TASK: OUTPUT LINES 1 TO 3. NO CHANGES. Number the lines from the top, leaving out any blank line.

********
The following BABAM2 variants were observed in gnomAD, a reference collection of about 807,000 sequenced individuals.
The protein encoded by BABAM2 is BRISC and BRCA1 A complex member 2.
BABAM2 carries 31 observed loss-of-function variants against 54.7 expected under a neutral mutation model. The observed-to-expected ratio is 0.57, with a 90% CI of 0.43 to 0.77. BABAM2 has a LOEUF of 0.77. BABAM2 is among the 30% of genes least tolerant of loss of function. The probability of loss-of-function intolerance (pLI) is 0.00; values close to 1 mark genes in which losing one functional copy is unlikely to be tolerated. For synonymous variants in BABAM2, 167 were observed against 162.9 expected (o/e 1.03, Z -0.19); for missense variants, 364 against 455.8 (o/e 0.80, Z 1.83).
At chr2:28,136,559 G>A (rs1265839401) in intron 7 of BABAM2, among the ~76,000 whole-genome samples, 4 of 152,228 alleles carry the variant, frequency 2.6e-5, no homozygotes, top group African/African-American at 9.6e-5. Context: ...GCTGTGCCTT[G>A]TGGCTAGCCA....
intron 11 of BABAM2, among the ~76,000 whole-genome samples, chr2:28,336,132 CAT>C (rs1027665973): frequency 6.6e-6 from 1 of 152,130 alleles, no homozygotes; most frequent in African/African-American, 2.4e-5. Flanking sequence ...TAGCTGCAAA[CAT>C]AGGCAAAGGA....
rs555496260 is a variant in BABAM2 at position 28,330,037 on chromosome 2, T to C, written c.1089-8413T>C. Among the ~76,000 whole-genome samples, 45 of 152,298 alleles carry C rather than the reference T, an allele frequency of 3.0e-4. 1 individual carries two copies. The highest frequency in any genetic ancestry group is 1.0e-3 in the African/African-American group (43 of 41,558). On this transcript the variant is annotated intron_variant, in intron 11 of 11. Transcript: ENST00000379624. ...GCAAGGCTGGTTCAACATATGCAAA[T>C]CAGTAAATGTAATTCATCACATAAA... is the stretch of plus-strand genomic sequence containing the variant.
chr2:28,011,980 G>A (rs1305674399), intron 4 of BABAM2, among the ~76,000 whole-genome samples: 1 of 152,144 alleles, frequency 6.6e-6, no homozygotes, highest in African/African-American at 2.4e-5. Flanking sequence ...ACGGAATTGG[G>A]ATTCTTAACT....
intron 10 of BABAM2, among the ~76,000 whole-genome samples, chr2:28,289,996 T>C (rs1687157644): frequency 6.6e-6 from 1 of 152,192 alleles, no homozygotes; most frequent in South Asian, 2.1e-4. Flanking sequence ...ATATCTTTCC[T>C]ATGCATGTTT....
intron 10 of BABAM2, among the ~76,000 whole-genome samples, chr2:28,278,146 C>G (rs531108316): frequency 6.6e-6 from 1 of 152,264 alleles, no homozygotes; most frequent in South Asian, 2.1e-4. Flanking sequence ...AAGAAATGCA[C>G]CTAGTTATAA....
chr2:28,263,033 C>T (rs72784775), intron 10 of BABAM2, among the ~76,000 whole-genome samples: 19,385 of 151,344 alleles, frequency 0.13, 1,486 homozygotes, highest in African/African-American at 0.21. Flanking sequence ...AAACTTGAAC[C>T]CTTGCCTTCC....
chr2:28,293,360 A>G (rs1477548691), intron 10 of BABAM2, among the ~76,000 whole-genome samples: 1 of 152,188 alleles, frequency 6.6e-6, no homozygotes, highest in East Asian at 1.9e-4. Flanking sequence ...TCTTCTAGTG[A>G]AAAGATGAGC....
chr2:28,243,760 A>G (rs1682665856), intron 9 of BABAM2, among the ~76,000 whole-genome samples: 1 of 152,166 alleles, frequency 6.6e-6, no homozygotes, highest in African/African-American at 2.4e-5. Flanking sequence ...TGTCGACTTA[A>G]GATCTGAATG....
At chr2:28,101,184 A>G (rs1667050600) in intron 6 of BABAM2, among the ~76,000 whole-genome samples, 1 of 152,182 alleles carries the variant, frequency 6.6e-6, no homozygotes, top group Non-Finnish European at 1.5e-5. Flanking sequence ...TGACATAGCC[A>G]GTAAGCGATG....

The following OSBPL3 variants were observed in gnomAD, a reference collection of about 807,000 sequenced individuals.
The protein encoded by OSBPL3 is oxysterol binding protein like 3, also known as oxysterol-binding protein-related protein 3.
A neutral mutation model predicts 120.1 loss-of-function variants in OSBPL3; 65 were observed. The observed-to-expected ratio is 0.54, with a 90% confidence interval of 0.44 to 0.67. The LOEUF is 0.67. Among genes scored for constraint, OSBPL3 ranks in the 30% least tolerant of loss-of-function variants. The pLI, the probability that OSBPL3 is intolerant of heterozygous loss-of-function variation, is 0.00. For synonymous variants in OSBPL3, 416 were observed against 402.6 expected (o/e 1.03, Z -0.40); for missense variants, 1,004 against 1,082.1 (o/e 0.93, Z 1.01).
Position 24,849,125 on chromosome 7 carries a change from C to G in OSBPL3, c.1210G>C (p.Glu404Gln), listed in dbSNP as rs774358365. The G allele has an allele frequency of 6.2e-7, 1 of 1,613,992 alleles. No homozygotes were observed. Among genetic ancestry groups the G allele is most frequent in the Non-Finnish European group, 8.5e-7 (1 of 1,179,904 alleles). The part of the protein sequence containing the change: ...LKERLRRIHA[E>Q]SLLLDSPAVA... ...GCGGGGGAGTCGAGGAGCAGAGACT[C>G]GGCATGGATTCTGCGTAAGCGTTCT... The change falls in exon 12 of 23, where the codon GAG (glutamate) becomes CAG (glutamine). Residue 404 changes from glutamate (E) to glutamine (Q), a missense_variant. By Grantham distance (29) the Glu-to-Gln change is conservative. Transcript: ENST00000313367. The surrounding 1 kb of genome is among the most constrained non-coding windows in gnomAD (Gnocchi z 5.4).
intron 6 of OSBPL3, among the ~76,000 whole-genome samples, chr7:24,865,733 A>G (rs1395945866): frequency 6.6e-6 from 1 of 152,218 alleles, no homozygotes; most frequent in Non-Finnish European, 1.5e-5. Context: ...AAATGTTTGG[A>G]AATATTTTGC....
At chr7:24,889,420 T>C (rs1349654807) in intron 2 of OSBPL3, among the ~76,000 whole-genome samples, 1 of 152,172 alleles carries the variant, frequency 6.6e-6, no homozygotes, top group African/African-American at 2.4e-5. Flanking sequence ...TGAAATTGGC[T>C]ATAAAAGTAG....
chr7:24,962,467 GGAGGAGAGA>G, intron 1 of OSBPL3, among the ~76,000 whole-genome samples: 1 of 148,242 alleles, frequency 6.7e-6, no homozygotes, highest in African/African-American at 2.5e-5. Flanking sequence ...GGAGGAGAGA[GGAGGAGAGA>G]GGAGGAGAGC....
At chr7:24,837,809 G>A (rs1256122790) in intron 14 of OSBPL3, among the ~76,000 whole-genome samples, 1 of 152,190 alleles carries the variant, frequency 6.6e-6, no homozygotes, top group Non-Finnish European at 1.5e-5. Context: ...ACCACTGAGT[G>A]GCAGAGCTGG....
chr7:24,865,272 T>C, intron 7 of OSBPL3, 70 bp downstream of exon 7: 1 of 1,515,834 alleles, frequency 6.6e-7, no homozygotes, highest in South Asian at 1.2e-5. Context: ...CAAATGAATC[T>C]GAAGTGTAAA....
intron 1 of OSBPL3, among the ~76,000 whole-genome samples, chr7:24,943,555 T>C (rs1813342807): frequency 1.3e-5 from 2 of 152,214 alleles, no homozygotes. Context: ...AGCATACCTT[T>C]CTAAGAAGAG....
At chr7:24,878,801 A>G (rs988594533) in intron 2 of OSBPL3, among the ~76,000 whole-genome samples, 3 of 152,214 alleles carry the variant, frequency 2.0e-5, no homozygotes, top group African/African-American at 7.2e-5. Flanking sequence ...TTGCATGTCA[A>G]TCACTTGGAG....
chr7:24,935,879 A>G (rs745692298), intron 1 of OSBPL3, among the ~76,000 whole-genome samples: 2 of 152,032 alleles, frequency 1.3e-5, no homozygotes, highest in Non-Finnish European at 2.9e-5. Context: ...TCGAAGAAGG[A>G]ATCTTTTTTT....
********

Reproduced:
The following BABAM2 variants were observed in gnomAD, a reference collection of about 807,000 sequenced individuals.
The protein encoded by BABAM2 is BRISC and BRCA1 A complex member 2.
BABAM2 carries 31 observed loss-of-function variants against 54.7 expected under a neutral mutation model. The observed-to-expected ratio is 0.57, with a 90% CI of 0.43 to 0.77. BABAM2 has a LOEUF of 0.77. BABAM2 is among the 30% of genes least tolerant of loss of function. The probability of loss-of-function intolerance (pLI) is 0.00; values close to 1 mark genes in which losing one functional copy is unlikely to be tolerated. For synonymous variants in BABAM2, 167 were observed against 162.9 expected (o/e 1.03, Z -0.19); for missense variants, 364 against 455.8 (o/e 0.80, Z 1.83).